Edinburgh International Book Festival 2019: a celebration of literature from rising stars to prize winners

Posted on August 31, 2019 in News & Reviews, Scotland

For residents of Edinburgh and Scotland, the annual transformation of the capital city is extraordinarily fun, if a smidge frustrating. The dazzling change to Charlotte Square is something else, however. The daily events, author events, readings, panels, discussions and workshops which take place during Edinburgh International Book Festival (EIBF) are a whirlwind of literary liveliness. As this year’s month of discussion and debate comes to an end, it seems that the 2019 festival theme, We Need New Stories, has hit home.

During the final weekend of the Festival, Scotland’s First Minister Nicola Sturgeon chaired a panel with the Northern Lights publishing conference. The panel discussed the need to publish new, diverse voices, and spoke about the importance of collaborative work between Scotland and North of England-based publishers, in order to counteract the homogeny of London publishing. We Need New Stories is an astute tagline; EIBF audiences are largely white and very middle-class, generally reflecting the books industry itself. Nonetheless, this year’s Festival saw its most diverse public programme yet. In a post-festival press release, Nick Barley said, “people are thirsty for public, face-to-face encounters with experts and visionaries – new voices, with new stories, from new places. The Book Festival is unquestionably answering a deep public need for grassroots democratic discussion.”

However, during her EIBF event titled ‘National Treasures,’ poet and Scots Makar Jackie Kay told the audience that Scotland’s perception of itself as progressive was naïve. “I am not saying Scotland is more racist,” she said, “I’m saying Scotland has not found a way to reflect back in the media, in the history, in social structure, the diversity that’s happening. When people think of a Scottish man or woman they still have a particular image, whereas when people think of a Londoner, you might instantly think of a black Londoner.” Kay has often spoken about this issue; she appeared at the Festival following the launch of a stage adaptation of Red Dust Road, her memoir which reflects upon the racism she encountered growing up in Scotland. At the Festival, she said the country had to “grow up” and take more responsibility for the treatment of black and ethnic minorities.

Last year, Edinburgh International Book Festival made headlines when multiple authors were refused visas by the UK Home Office, and were unable to attend. Following this, Festivals Edinburgh, the collaborative body for eleven of the city’s arts and culture festivals, met with immigration minister Caroline Nokes to lobby for more flexibility. Nick Barley, EIBF director, is concerned that these visa issues may begin to worsen post-Brexit.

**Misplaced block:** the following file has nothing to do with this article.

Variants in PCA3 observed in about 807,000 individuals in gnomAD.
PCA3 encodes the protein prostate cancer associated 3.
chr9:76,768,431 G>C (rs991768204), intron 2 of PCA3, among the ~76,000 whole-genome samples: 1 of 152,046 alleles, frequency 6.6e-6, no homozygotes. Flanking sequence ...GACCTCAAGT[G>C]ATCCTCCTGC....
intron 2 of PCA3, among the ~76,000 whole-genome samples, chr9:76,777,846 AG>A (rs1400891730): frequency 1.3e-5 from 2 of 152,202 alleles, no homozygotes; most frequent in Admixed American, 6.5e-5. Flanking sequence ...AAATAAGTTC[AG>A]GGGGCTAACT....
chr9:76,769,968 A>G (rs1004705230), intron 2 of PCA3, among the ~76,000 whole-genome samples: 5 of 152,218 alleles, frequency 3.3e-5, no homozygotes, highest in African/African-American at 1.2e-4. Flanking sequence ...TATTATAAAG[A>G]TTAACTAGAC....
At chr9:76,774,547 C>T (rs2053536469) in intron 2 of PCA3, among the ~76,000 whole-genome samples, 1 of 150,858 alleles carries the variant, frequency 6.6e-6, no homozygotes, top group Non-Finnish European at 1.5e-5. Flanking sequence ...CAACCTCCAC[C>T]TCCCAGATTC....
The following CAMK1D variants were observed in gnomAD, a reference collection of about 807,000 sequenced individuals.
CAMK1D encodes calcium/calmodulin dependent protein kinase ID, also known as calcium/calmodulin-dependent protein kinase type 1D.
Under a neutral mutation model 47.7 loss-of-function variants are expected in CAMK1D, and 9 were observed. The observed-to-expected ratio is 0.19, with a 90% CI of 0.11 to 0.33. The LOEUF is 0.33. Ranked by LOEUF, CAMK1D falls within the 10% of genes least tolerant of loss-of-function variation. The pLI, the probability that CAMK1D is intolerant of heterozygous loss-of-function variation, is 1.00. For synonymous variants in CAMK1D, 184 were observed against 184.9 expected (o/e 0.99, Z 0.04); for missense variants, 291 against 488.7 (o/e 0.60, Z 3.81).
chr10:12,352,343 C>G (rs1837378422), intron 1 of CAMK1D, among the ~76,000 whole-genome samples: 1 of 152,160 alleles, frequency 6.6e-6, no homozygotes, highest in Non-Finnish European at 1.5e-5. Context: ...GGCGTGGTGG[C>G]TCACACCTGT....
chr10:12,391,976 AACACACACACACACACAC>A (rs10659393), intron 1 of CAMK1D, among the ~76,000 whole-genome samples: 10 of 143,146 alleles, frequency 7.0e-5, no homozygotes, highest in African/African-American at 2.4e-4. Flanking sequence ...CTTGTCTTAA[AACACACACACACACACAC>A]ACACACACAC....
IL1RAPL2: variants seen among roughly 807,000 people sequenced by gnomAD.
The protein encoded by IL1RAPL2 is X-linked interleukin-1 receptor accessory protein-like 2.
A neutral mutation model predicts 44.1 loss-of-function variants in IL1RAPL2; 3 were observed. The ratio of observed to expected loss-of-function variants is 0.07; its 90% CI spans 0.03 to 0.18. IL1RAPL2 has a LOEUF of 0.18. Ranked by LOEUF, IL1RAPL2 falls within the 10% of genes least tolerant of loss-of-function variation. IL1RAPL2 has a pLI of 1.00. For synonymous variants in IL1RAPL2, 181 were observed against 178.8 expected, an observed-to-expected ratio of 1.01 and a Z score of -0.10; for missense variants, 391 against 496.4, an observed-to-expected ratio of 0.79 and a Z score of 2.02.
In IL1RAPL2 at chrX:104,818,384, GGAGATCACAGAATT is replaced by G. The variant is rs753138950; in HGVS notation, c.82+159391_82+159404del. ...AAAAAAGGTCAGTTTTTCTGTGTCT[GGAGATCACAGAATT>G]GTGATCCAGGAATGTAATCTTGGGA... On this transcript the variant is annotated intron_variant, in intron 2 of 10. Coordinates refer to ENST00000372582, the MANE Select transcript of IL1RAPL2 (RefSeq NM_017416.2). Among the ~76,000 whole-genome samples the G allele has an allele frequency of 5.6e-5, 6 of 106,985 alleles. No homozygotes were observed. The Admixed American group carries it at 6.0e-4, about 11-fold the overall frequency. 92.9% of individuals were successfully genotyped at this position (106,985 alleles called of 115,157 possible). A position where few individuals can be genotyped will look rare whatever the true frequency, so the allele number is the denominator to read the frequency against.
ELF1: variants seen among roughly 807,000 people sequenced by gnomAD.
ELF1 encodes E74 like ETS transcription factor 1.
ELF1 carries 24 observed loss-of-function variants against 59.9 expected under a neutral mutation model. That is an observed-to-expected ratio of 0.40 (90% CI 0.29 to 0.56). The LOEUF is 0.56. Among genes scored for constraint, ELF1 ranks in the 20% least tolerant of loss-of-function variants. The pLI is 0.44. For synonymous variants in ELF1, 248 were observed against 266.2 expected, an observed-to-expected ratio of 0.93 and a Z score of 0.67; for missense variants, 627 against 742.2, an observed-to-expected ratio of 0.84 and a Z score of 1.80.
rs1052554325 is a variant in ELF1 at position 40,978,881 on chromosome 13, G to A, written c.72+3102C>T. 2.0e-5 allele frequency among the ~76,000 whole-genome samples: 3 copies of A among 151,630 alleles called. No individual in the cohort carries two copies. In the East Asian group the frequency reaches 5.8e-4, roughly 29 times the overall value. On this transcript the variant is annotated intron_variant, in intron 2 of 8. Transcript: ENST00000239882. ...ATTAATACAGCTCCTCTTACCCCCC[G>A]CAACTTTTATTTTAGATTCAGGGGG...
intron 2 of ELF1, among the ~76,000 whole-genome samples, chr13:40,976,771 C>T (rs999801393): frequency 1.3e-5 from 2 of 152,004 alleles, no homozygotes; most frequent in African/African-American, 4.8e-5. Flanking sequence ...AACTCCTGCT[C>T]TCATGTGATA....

“This is about culture in Britain as a whole,” he said. “After Brexit our major concern is that this might begin to affect authors within Europe and therefore there’s an urgent need to sort this out, not just in order to make sure we can get visas sorted out for authors from the Middle East, Africa, Palestine and so on.”

And yet, despite political turbulence and uncertainty, the 2019 Festival has certainly felt like a community-driven space. A new event titled ‘Beloved: A Tribute to Toni Morrison’ was added to the programme after the sad passing of the Nobel Prize Winner, and it was as emotional as it was vital. This year was also the first year that the Festival ran its ‘Pay What You Can’ scheme, inviting Book Festival attendees to pay anything between £0 and £25 for a single event, in a laudable effort to make the pricey Festival more accessible. Finally, 2019 marked the 100 year anniversary of the University of Edinburgh’s £10,000 James Tait Black award, with the winners of the Fiction and Biography prizes being announced on stage at the Festival. Olivia Laing was named winner for her debut novel Crudo, but decided to split the prize money in protest, she said, against “Boris Johnson and Brexit, and a sense of wanting to fight back against this endless culture of winners and losers.

“Crudo was written against a kind of selfishness that’s everywhere in the world right now, against an era of walls and borders, winners and losers. Art doesn’t thrive like that and I don’t think people do either. We thrive on community, solidarity and mutual support.”

This seems a key message to take away from any celebration of literature, let alone from the largest books festival in the world. In 2019, despite everything, we are coming away from the Edinburgh International Book Festival with a feeling of hope.

By Niamh Anderson

Edinburgh International Book Festival runs annually. In 2019, it ran from the 10th to the 26th August.

Image credit: Joe Gordon